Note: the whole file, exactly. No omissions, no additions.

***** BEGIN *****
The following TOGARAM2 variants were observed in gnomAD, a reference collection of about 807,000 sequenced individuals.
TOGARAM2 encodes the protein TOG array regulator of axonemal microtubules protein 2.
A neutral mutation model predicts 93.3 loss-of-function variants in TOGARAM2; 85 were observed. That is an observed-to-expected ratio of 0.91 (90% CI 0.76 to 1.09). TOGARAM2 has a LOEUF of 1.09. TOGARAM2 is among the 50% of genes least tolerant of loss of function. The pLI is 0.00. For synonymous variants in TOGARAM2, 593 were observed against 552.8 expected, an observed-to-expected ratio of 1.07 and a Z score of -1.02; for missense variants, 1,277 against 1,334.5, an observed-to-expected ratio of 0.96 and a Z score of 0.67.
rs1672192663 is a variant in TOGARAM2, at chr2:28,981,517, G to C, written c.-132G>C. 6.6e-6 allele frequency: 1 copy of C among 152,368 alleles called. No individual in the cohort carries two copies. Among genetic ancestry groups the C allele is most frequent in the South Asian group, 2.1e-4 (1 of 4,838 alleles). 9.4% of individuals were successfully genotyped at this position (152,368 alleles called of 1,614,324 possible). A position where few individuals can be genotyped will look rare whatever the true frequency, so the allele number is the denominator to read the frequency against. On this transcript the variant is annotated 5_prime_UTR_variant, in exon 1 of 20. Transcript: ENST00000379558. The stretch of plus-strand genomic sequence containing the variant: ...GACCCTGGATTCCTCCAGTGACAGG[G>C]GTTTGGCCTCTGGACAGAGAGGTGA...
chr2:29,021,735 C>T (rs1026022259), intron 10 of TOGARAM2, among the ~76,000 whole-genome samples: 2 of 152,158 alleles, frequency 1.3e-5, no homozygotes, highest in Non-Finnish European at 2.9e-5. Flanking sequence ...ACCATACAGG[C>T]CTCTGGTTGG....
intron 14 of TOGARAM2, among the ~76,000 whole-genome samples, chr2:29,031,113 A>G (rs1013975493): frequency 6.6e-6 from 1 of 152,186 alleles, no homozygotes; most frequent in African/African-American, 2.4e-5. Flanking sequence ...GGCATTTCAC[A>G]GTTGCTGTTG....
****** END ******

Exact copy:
The following TOGARAM2 variants were observed in gnomAD, a reference collection of about 807,000 sequenced individuals.
TOGARAM2 encodes the protein TOG array regulator of axonemal microtubules protein 2.
A neutral mutation model predicts 93.3 loss-of-function variants in TOGARAM2; 85 were observed. That is an observed-to-expected ratio of 0.91 (90% CI 0.76 to 1.09). TOGARAM2 has a LOEUF of 1.09. TOGARAM2 is among the 50% of genes least tolerant of loss of function. The pLI is 0.00. For synonymous variants in TOGARAM2, 593 were observed against 552.8 expected, an observed-to-expected ratio of 1.07 and a Z score of -1.02; for missense variants, 1,277 against 1,334.5, an observed-to-expected ratio of 0.96 and a Z score of 0.67.
rs1672192663 is a variant in TOGARAM2, at chr2:28,981,517, G to C, written c.-132G>C. 6.6e-6 allele frequency: 1 copy of C among 152,368 alleles called. No individual in the cohort carries two copies. Among genetic ancestry groups the C allele is most frequent in the South Asian group, 2.1e-4 (1 of 4,838 alleles). 9.4% of individuals were successfully genotyped at this position (152,368 alleles called of 1,614,324 possible). A position where few individuals can be genotyped will look rare whatever the true frequency, so the allele number is the denominator to read the frequency against. On this transcript the variant is annotated 5_prime_UTR_variant, in exon 1 of 20. Transcript: ENST00000379558. The stretch of plus-strand genomic sequence containing the variant: ...GACCCTGGATTCCTCCAGTGACAGG[G>C]GTTTGGCCTCTGGACAGAGAGGTGA...
chr2:29,021,735 C>T (rs1026022259), intron 10 of TOGARAM2, among the ~76,000 whole-genome samples: 2 of 152,158 alleles, frequency 1.3e-5, no homozygotes, highest in Non-Finnish European at 2.9e-5. Flanking sequence ...ACCATACAGG[C>T]CTCTGGTTGG....
intron 14 of TOGARAM2, among the ~76,000 whole-genome samples, chr2:29,031,113 A>G (rs1013975493): frequency 6.6e-6 from 1 of 152,186 alleles, no homozygotes; most frequent in African/African-American, 2.4e-5. Flanking sequence ...GGCATTTCAC[A>G]GTTGCTGTTG....